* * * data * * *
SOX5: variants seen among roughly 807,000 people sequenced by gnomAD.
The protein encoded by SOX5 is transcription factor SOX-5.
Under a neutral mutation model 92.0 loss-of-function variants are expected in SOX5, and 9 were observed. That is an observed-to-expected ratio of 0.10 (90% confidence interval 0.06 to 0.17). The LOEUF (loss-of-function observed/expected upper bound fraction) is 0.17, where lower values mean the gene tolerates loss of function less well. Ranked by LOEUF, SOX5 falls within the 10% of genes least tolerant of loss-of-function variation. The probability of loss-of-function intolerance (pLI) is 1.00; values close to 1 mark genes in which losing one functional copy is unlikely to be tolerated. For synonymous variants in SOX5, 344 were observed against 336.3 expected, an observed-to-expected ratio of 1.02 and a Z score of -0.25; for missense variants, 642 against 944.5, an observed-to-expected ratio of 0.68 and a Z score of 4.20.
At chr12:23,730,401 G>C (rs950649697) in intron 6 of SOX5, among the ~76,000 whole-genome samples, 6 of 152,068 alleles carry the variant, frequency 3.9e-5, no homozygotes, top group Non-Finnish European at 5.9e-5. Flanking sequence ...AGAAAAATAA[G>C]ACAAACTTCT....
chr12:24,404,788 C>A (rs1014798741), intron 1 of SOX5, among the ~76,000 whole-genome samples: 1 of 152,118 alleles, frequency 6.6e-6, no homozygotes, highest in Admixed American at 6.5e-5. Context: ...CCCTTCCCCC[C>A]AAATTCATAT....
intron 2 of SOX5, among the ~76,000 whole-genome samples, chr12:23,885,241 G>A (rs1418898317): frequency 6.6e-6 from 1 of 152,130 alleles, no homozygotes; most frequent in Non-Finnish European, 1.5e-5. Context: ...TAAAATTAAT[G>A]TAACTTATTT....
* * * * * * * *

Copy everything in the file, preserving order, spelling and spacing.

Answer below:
SOX5: variants seen among roughly 807,000 people sequenced by gnomAD.
The protein encoded by SOX5 is transcription factor SOX-5.
Under a neutral mutation model 92.0 loss-of-function variants are expected in SOX5, and 9 were observed. That is an observed-to-expected ratio of 0.10 (90% confidence interval 0.06 to 0.17). The LOEUF (loss-of-function observed/expected upper bound fraction) is 0.17, where lower values mean the gene tolerates loss of function less well. Ranked by LOEUF, SOX5 falls within the 10% of genes least tolerant of loss-of-function variation. The probability of loss-of-function intolerance (pLI) is 1.00; values close to 1 mark genes in which losing one functional copy is unlikely to be tolerated. For synonymous variants in SOX5, 344 were observed against 336.3 expected, an observed-to-expected ratio of 1.02 and a Z score of -0.25; for missense variants, 642 against 944.5, an observed-to-expected ratio of 0.68 and a Z score of 4.20.
At chr12:23,730,401 G>C (rs950649697) in intron 6 of SOX5, among the ~76,000 whole-genome samples, 6 of 152,068 alleles carry the variant, frequency 3.9e-5, no homozygotes, top group Non-Finnish European at 5.9e-5. Flanking sequence ...AGAAAAATAA[G>C]ACAAACTTCT....
chr12:24,404,788 C>A (rs1014798741), intron 1 of SOX5, among the ~76,000 whole-genome samples: 1 of 152,118 alleles, frequency 6.6e-6, no homozygotes, highest in Admixed American at 6.5e-5. Context: ...CCCTTCCCCC[C>A]AAATTCATAT....
intron 2 of SOX5, among the ~76,000 whole-genome samples, chr12:23,885,241 G>A (rs1418898317): frequency 6.6e-6 from 1 of 152,130 alleles, no homozygotes; most frequent in Non-Finnish European, 1.5e-5. Context: ...TAAAATTAAT[G>A]TAACTTATTT....